To put this more practically, the Scottish Baronial style was typified by large comfortable mansions designed closely around the needs of their owners, and fitted carefully into a wide variety of landscapes. Stylistically, Scottish Baronial harked back to what was believed to be a "golden era" of Scottish architecture. The result was grand houses that borrowed features from castles of an earlier era: of towers and turrets (or, often, of towers with turrets); of highly irregular rooflines; of pinnacles; of battlements; of crowstepped gables; of lancet windows; of porticos that imitated portcullises; and of heraldic shields and other decoration.
Many of these features came together in Balfour Castle, an important early work of David Bryce, dating from between 1846 and 1850. Like many other such projects it was a very large extension to an earlier building, it is asymmetrical, and it incorporates a tower whose purposes are purely decorative rather than practical. Balfour Castle also reflects another trend in Bryce's work, being sited in a remote location: in this case on Shapinsay, one of the northern islands making up the Orkney archipelago.
Many of the elements seen at Balfour Castle also appeared at Torosay Castle on Mull, designed by Bryce and built in 1856. Here, too, a tower with no practical purpose pulls together the various elements of a roofline that incorporates a number of turrets and crowstepped gables. At Armadale Castle on Skye, Bryce had a tighter brief. A fire had burned down the central portion of a castle comprising two very distinct elements, and Bryce produced a design that drew together the surviving parts of the castle with a dominating central section that harked back to castles of an earlier era, with a roofline that was heavily castellated.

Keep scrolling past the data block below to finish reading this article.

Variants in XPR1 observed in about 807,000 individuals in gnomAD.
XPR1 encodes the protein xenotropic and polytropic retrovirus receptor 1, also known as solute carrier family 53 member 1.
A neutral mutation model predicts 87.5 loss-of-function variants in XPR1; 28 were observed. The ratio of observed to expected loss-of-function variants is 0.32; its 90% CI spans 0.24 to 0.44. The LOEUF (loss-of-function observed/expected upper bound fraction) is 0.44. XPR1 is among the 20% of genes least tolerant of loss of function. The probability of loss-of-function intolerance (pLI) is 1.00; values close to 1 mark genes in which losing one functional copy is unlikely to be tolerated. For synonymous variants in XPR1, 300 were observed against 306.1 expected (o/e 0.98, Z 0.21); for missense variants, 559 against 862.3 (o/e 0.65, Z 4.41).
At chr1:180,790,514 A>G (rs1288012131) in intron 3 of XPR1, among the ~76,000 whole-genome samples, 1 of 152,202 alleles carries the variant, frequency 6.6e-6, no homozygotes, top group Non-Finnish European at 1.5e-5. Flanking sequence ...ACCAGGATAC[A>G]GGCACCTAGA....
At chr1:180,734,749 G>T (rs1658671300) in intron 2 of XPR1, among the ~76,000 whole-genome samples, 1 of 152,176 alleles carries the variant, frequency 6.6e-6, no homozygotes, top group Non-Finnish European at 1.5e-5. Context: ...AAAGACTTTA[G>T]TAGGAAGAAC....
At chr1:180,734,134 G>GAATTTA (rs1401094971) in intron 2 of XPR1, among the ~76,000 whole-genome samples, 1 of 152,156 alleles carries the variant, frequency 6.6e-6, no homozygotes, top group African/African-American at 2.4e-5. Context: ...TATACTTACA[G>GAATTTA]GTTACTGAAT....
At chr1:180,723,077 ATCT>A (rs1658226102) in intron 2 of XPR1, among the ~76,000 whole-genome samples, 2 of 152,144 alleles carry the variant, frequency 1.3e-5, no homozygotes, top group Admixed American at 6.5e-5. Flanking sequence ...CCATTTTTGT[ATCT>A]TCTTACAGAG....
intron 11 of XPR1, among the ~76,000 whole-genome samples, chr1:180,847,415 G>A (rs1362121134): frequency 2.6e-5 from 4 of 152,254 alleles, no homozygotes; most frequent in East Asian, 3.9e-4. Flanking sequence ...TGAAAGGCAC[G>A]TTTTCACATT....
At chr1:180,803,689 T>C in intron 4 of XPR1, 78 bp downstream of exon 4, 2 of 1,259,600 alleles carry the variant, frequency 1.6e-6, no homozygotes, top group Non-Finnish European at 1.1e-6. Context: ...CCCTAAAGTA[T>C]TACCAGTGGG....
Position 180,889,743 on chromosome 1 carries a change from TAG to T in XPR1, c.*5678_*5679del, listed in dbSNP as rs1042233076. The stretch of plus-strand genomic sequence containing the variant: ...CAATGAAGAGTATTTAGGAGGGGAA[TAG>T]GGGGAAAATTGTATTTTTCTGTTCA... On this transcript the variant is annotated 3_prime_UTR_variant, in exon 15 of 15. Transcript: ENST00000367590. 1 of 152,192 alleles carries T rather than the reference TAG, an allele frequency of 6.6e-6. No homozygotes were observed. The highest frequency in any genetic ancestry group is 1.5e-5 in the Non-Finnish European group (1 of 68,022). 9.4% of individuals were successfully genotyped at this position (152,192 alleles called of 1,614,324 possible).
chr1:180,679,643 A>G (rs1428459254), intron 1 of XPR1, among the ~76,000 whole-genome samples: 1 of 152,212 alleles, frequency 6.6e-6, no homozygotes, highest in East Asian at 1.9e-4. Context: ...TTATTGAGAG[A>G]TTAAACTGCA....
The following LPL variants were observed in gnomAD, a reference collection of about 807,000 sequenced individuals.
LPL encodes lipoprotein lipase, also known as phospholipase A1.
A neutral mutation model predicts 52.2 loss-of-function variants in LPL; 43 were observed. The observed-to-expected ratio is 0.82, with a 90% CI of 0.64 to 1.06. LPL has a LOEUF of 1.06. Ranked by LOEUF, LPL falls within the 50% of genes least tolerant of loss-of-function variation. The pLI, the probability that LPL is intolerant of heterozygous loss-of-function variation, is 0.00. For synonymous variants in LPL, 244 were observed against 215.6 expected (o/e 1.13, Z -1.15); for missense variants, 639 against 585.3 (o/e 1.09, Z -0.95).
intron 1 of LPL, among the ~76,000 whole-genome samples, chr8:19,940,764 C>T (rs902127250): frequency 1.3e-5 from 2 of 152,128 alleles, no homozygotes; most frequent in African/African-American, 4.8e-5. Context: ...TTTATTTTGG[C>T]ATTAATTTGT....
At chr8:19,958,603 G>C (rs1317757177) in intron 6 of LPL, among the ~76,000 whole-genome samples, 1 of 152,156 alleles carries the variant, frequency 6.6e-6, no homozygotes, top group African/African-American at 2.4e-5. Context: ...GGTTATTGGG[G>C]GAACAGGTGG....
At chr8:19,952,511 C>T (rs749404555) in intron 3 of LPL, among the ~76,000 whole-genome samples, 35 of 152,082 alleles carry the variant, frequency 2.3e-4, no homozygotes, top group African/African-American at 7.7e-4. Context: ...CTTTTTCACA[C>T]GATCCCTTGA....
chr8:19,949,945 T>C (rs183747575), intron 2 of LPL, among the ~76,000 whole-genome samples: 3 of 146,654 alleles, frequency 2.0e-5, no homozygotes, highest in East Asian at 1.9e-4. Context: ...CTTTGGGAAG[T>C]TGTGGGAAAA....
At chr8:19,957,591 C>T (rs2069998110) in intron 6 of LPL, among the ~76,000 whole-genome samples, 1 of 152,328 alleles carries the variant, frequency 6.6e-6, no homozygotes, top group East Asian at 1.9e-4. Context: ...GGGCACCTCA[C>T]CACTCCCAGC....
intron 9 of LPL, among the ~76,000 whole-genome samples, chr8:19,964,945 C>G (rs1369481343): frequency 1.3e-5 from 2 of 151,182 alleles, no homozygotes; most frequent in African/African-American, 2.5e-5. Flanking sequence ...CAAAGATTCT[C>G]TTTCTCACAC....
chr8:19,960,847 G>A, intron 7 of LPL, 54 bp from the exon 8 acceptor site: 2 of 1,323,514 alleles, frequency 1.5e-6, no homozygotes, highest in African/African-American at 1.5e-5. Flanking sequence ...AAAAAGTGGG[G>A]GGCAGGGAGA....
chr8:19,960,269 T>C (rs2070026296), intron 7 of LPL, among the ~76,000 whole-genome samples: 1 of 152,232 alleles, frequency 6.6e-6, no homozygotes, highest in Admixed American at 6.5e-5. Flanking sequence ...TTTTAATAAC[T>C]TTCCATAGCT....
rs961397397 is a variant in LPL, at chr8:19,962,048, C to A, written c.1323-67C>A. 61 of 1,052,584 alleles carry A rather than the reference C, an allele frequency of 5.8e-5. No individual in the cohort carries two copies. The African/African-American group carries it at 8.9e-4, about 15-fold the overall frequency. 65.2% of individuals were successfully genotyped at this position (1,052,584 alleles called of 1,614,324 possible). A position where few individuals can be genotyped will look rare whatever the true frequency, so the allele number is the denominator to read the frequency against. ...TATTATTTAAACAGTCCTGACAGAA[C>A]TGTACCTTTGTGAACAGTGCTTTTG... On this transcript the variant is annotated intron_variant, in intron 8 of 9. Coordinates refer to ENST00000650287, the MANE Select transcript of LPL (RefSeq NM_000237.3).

To see how Bryce's style evolved over time, it is interesting to look at Thirlestane Castle near Lauder, which he undertook alongside William Burn in 1840. Here an ancient castle was dramatically expanded in a "no expense spared" project for the 9th Earl of Lauderdale. The style that emerged owed more to French influence than many of Bryce's later works such as Glenapp Castle near Ballantrae, built in 1870.
But throughout his career, Bryce was able to produce buildings in a wide variety of styles, and he had a particular impact on the Edinburgh we see today. In his own day, Bryce became as well known for his town and city offices, often for banks and insurance companies, as he did for his country mansions. Here his style was Palladian or Italianate, perhaps most spectacularly realised in his building for the British Linen Bank, built in 1846, which still survives on the east side of Edinburgh's St Andrew's Square.
Bryce supplemented Scottish Baronial with French Gothic when producing one of his largest buildings, Fettes College in Edinburgh, which was built between 1864 and 1870. Perhaps the best known of his grand public buildings was the Bank of Scotland Building which stands on The Mound, and dominates views along George IV Bridge. It was built between 1864 and 1871.
At the time of his death, David Bryce's was working on the Royal Infirmary in Edinburgh. His drawings for the hospital took into account all the latest thinking about hospital design, especially in light of Florence Nightingale's work in the Crimea. The building was completed under the supervision of John Bryce.